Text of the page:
An example will best serve to illustrate the granting of control of the common bus to a particular CPU. When active CPU 0 signals via the reset lead, flip-flop 204 is preset enabling gate 200 to transmit the bus available signal via the bus-avail lead to each successive gate 210, etc. When CPU 0 requests access to the common memory, CPU 0 raises the SEL 0 lead via the bus connected between CPU 0 and arbitration circuit 0. At the next clock cycle, the clock signal is transmitted to flip-flop 201 which becomes set and the Q output of this flip-flop temporarily disables gate 200 from passing the bus-avail signal. The Q output of flip-flop 201 is passed through gates 202 and 203 and sets flip-flop 204, which causes it to toggle and produce a signal on the grant 0 lead and simultaneously enables gate 205. The grant 0 lead is returned to CPUs 0 and 0' and this signal also enables tri-state elements (not shown), gating CPU 0 bus onto the common bus of memory A. The above simultaneously occurs in arbitration circuit 0'. While this memory access takes place, the bus available signal is re-propagated via the output of J-K flip-flop 204 through the lower portion of gate 200, so that the successive arbitration circuits may establish their respective priority for memory access.
If the bus available signal returns to arbitration circuit 0 via the bus-avail lead while the access is in progress, the grant signal is transmitted via the take-grant lead automatically to the next sequential arbitration circuit 1, so that if SEL 1 is set, CPU 1 access request will be given the grant on the next clock cycle. This scheme distributes determination of which is the next available memory request to be given access on a rotational basis; and this scheme further keeps memory access equal when CPU access requests are sporadic. In this way, a CPU may not make successive memory requests.
CPU 0 may now completes its data transfer to memory A and A'. If another arbitration circuit pair has established its priority, that circuit pair will receive control of the common buses next. In this way, while one CPU is accessing memories A and A', the next CPU is establishing its priority for service.
All buses are bidirectional and each directional link includes tri-state bus drivers which may be implemented via integrated circuit part number 74LS245. All above mentioned integrated circuits are manufactured by Texas Instruments Incorporated and various other manufacturers.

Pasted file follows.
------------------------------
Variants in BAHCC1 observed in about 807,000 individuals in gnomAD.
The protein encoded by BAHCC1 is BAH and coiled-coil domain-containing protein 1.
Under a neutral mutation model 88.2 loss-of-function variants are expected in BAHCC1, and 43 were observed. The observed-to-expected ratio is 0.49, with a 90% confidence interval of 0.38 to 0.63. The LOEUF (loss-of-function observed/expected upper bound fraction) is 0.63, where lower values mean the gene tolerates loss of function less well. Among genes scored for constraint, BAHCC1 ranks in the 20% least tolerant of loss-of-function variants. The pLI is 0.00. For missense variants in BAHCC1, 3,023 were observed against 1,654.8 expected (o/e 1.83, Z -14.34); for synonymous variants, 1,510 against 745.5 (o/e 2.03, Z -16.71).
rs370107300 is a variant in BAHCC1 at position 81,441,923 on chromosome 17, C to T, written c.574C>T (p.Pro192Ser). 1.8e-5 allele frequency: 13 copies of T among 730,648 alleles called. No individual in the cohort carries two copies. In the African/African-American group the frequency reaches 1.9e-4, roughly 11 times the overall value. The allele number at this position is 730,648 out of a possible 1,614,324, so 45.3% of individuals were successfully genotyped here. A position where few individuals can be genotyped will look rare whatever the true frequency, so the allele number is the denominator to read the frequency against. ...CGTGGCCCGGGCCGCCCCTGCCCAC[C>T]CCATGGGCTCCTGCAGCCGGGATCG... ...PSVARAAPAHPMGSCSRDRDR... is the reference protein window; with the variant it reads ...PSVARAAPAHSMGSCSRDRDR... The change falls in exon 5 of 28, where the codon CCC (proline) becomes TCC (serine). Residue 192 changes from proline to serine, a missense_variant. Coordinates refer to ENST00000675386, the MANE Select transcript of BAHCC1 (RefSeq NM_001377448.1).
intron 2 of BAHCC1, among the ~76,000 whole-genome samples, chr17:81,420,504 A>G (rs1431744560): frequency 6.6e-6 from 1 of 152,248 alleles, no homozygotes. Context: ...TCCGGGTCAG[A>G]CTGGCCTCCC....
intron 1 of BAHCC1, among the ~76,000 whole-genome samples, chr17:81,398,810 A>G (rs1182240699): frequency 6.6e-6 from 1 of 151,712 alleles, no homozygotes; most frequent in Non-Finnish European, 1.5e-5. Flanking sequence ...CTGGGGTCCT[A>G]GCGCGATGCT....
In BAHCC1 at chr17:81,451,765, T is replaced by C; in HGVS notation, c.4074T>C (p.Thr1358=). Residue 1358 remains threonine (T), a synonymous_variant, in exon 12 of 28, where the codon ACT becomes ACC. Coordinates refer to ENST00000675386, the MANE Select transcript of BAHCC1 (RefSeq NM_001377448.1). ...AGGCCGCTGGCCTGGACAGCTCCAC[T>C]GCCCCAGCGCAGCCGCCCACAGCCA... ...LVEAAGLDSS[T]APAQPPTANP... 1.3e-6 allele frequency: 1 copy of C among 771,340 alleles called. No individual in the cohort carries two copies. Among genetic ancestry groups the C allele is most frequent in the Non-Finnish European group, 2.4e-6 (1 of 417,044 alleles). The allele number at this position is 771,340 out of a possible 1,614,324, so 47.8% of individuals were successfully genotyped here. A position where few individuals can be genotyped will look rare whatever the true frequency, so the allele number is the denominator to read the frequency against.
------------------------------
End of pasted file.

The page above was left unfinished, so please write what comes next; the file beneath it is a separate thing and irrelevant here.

The CPU having the memory access grant may signal via the lock lead (normally high) to halt the re-propagation of the bus available signal and thereby hold memory access for longer than one cycle. This optional use is a rare circumstance and is closely monitored by the CPUs.
Referring to FIG. 3, a schematic diagram of subgroup switching circuit A and A' of FIG. 1A is shown. J-K flip-flop 370 is connected via the CLK lead to a clock (not shown) providing an 12 MHZ cycle clock signal, flip-flop 370 is further connected to each of AND-OR gates 380 and 381 and OR gate 390. If, for example, a CPU of subgroup A is the only one requesting, the upper AND gate of gate 380 is enabled and the CPU of subgroup A has its tri-state bus (not shown) enabled to access memory A.
When two CPUs, one from each subgroup (CPU 0 and CPU 16, for example), simultaneously request access to the memory, the upper portion of gate 380 and lower portion of gate 381 are disabled. On the next clock cycle via the CLK lead, flip-flop 370 will toggle to enable the lower portion of gate 380 or the upper portion of gate 381, thereby selecting subgroup A or B respectively. Only one subgroup is enabled to access memory and on the next clock cycle the remaining subgroup is enabled.
Although the preferred embodiment of the invention has been illustrated, and that form described in detail, it will be readily apparent to those skilled in the art that various modifications may be made therein without departing from the spirit of the invention or from the scope of the appended claims.
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|International Classification||G06F13/18, G06F13/37|
|Cooperative Classification||G06F13/18, G06F13/37|
|European Classification||G06F13/18, G06F13/37|
|Dec 13, 1982||AS||Assignment|
Owner name: GTE AUTOMATIC ELECTRIC INCORPORATED, A CORP. OF DE
Free format text: ASSIGNMENT OF ASSIGNORS INTEREST.;ASSIGNOR:GTE AUTOMATIC ELECTRIC LABORATORIES INCORPORATED;REEL/FRAME:004081/0217
Effective date: 19820524
|Feb 28, 1989||AS||Assignment|
Owner name: AG COMMUNICATION SYSTEMS CORPORATION, 2500 W. UTOP
Free format text: ASSIGNMENT OF ASSIGNORS INTEREST.;ASSIGNOR:GTE COMMUNICATION SYSTEMS CORPORATION;REEL/FRAME:005060/0501
Effective date: 19881228